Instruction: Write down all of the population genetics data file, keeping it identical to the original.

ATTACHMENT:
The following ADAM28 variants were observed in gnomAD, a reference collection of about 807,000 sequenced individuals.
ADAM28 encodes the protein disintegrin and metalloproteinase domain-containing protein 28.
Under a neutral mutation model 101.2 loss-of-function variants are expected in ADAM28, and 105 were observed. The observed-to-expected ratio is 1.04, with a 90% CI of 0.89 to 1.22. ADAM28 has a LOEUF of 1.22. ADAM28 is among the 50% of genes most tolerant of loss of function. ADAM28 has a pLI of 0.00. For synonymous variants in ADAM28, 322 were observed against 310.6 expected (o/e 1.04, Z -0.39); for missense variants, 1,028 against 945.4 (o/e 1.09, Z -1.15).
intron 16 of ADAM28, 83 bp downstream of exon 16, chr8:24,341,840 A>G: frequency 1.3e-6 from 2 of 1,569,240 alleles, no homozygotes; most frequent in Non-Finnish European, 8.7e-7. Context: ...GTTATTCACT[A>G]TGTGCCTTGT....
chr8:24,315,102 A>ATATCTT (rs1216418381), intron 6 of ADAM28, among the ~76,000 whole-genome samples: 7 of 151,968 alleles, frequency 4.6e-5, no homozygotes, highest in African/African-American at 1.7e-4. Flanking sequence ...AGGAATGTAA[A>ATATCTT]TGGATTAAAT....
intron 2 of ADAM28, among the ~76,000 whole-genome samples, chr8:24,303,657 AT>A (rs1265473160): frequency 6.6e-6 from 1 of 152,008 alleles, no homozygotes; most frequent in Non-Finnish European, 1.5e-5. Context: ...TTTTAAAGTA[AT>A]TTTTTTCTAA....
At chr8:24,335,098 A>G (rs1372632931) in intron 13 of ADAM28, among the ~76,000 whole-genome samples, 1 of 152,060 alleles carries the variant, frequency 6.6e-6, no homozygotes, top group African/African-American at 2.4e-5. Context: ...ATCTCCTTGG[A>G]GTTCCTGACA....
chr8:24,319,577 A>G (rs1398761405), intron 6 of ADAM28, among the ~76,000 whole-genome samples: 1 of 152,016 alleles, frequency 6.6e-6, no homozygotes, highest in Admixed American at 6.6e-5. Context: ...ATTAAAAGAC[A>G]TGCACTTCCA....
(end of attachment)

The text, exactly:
The following ADAM28 variants were observed in gnomAD, a reference collection of about 807,000 sequenced individuals.
ADAM28 encodes the protein disintegrin and metalloproteinase domain-containing protein 28.
Under a neutral mutation model 101.2 loss-of-function variants are expected in ADAM28, and 105 were observed. The observed-to-expected ratio is 1.04, with a 90% CI of 0.89 to 1.22. ADAM28 has a LOEUF of 1.22. ADAM28 is among the 50% of genes most tolerant of loss of function. ADAM28 has a pLI of 0.00. For synonymous variants in ADAM28, 322 were observed against 310.6 expected (o/e 1.04, Z -0.39); for missense variants, 1,028 against 945.4 (o/e 1.09, Z -1.15).
intron 16 of ADAM28, 83 bp downstream of exon 16, chr8:24,341,840 A>G: frequency 1.3e-6 from 2 of 1,569,240 alleles, no homozygotes; most frequent in Non-Finnish European, 8.7e-7. Context: ...GTTATTCACT[A>G]TGTGCCTTGT....
chr8:24,315,102 A>ATATCTT (rs1216418381), intron 6 of ADAM28, among the ~76,000 whole-genome samples: 7 of 151,968 alleles, frequency 4.6e-5, no homozygotes, highest in African/African-American at 1.7e-4. Flanking sequence ...AGGAATGTAA[A>ATATCTT]TGGATTAAAT....
intron 2 of ADAM28, among the ~76,000 whole-genome samples, chr8:24,303,657 AT>A (rs1265473160): frequency 6.6e-6 from 1 of 152,008 alleles, no homozygotes; most frequent in Non-Finnish European, 1.5e-5. Context: ...TTTTAAAGTA[AT>A]TTTTTTCTAA....
At chr8:24,335,098 A>G (rs1372632931) in intron 13 of ADAM28, among the ~76,000 whole-genome samples, 1 of 152,060 alleles carries the variant, frequency 6.6e-6, no homozygotes, top group African/African-American at 2.4e-5. Context: ...ATCTCCTTGG[A>G]GTTCCTGACA....
chr8:24,319,577 A>G (rs1398761405), intron 6 of ADAM28, among the ~76,000 whole-genome samples: 1 of 152,016 alleles, frequency 6.6e-6, no homozygotes, highest in Admixed American at 6.6e-5. Context: ...ATTAAAAGAC[A>G]TGCACTTCCA....